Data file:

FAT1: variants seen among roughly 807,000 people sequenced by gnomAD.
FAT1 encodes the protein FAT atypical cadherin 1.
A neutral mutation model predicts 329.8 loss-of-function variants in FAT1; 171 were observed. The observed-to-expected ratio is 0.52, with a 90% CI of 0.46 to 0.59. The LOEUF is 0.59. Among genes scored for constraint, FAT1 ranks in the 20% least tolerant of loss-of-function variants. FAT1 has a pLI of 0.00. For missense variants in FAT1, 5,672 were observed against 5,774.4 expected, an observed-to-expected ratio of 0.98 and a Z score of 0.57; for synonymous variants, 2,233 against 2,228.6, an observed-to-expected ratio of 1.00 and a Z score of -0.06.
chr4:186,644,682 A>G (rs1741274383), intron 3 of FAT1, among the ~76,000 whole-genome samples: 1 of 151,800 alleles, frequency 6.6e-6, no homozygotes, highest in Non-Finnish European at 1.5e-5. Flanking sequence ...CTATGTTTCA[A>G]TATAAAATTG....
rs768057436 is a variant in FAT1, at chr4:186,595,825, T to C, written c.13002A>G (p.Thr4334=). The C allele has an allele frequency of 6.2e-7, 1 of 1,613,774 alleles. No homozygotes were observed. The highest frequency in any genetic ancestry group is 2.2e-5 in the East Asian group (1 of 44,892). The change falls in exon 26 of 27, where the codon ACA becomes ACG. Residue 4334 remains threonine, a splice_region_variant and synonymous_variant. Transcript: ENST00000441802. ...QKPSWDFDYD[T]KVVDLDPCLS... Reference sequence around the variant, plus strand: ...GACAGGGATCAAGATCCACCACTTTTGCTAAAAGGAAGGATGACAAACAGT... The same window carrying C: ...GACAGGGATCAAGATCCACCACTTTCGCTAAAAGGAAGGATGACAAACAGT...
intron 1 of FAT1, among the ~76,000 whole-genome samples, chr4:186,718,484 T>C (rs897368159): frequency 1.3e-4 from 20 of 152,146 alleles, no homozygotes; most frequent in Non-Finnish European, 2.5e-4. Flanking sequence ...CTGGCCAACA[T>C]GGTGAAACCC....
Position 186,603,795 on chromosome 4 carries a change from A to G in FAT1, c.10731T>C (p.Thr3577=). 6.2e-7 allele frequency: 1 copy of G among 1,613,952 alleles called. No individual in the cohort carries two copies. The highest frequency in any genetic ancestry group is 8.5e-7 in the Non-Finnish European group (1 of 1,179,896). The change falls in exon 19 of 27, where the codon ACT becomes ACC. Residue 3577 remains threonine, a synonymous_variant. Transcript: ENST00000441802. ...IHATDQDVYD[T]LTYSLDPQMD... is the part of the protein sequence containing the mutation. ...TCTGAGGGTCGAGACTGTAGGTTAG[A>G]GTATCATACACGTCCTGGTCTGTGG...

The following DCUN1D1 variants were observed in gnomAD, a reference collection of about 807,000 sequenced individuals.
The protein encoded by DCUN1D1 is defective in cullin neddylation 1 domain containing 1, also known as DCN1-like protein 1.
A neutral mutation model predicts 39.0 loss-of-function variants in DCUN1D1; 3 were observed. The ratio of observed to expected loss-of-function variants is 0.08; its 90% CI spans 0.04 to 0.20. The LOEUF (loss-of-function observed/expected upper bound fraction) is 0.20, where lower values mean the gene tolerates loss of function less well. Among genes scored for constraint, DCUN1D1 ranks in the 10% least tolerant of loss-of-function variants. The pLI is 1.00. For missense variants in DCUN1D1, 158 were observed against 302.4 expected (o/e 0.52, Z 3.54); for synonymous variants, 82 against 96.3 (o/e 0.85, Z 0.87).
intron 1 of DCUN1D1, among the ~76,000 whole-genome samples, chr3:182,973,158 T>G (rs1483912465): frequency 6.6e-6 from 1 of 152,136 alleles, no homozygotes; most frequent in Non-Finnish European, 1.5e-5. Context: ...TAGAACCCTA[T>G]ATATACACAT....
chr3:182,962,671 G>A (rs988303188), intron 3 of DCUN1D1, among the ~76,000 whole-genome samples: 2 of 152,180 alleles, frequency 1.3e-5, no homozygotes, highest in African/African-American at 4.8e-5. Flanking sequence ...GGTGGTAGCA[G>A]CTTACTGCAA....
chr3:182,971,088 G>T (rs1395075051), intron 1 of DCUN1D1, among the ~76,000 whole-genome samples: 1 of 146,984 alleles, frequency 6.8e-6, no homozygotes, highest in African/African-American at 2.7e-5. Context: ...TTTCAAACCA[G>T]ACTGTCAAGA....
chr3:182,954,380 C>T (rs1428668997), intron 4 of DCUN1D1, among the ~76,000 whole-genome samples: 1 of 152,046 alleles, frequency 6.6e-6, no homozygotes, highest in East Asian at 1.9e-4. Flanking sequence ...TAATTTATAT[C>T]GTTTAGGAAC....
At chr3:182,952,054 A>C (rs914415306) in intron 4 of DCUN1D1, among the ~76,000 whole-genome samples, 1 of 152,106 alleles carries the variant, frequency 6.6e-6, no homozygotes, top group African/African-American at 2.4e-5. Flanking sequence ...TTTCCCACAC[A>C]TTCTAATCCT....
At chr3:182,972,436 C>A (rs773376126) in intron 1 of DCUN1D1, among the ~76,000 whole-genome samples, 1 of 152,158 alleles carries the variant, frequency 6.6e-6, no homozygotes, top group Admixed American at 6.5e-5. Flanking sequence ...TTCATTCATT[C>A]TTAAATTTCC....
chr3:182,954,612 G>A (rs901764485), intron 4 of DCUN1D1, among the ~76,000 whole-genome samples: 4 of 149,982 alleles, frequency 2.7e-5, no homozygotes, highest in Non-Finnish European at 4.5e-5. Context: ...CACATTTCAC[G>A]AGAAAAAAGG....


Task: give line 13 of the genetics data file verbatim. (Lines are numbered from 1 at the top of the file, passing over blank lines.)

chr3:182,971,088 G>T (rs1395075051), intron 1 of DCUN1D1, among the ~76,000 whole-genome samples: 1 of 146,984 alleles, frequency 6.8e-6, no homozygotes, highest in African/African-American at 2.7e-5. Context: ...TTTCAAACCA[G>T]ACTGTCAAGA....